Depression increases the risk of disability pension and represents a health related strain that pushes people out of the labour market. Although early voluntary retirement is an important alternative to disability pension, few studies have examined whether depressive symptoms incur early voluntary retirement. This study examined whether depressive symptoms and changes in depressive symptoms over time were associated with early retirement intentions.
We used a cross-sectional (n = 4041) and a prospective (n = 2444) population from a longitudinal study on employees of the Danish eldercare sector. Depressive symptoms were measured by the Major Depression Inventory and the impact of different levels of depressive symptoms (severe, moderately severe, moderate, mild and none) and changes in depressive symptoms (worsened, improved, unaffected) on early retirement intentions were analysed with multinomial logistic regression.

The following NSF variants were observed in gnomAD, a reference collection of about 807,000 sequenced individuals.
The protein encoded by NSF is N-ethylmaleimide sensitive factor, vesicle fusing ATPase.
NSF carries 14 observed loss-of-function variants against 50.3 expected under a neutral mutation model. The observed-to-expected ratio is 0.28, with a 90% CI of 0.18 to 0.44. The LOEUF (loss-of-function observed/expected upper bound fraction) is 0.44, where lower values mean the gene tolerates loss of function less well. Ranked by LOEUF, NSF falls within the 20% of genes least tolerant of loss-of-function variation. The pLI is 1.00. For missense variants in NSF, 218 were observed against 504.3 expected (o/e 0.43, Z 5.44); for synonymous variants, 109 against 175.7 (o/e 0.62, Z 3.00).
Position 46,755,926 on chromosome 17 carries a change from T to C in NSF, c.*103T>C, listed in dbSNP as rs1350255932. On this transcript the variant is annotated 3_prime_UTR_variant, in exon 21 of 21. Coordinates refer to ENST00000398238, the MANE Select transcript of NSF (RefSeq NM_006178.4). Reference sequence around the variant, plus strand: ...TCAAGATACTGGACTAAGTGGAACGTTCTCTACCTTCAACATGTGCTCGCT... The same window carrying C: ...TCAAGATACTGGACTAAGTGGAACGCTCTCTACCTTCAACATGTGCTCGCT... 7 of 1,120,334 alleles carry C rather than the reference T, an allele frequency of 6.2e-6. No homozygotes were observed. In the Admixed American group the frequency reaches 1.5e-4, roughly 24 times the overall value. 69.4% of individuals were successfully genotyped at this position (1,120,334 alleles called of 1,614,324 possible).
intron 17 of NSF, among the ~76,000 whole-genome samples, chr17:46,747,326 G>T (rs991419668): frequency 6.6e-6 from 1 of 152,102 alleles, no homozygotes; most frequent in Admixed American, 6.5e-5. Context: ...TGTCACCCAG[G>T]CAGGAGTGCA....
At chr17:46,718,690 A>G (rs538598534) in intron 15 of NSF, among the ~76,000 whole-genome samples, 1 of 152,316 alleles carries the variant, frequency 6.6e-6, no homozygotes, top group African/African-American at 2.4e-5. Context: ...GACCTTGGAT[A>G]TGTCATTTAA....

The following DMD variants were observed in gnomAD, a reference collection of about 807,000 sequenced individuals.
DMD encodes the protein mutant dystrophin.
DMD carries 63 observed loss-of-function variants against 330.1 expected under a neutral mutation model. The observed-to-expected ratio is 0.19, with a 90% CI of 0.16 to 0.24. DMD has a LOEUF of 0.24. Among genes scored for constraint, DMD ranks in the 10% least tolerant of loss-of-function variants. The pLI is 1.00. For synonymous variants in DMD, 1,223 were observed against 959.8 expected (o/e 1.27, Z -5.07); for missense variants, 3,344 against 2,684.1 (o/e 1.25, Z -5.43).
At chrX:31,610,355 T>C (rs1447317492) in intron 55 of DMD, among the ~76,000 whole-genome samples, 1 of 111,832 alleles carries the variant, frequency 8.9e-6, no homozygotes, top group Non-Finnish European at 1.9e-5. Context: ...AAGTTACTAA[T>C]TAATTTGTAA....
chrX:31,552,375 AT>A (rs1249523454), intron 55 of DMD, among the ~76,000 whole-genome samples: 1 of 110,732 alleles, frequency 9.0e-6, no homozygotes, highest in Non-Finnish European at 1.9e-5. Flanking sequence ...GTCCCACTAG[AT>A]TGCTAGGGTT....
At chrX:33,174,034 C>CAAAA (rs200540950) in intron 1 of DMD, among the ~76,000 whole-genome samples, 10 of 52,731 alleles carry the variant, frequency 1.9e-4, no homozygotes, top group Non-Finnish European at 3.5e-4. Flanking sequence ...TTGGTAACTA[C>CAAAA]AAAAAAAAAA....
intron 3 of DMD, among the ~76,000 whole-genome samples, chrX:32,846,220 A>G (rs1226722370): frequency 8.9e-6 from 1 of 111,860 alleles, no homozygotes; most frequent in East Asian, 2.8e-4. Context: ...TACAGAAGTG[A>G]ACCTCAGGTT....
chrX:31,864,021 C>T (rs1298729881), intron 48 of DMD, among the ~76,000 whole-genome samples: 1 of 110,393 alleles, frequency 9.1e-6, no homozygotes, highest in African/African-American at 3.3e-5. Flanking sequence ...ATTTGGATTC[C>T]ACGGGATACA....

In the cross-sectional analysis all levels of depressive symptoms were significantly associated with retirement intentions before the age of 62 years. Similar associations were found prospectively. Depressive symptoms and worsened depressive symptoms in the two year period from baseline to follow-up were also significantly associated with early retirement intentions before age 62. The prospective associations lost statistical significance when controlling for early retirement intentions at baseline.
The whole spectrum of depressive symptoms represents a health related strain that can incur intentions to retire early by early voluntary retirement. In order to change the intentions to retire early, the work related consequences of depressive symptoms should be addressed as early in the treatment process as possible.
Cites: Scand J Public Health. 2007;35(1):23-3017366084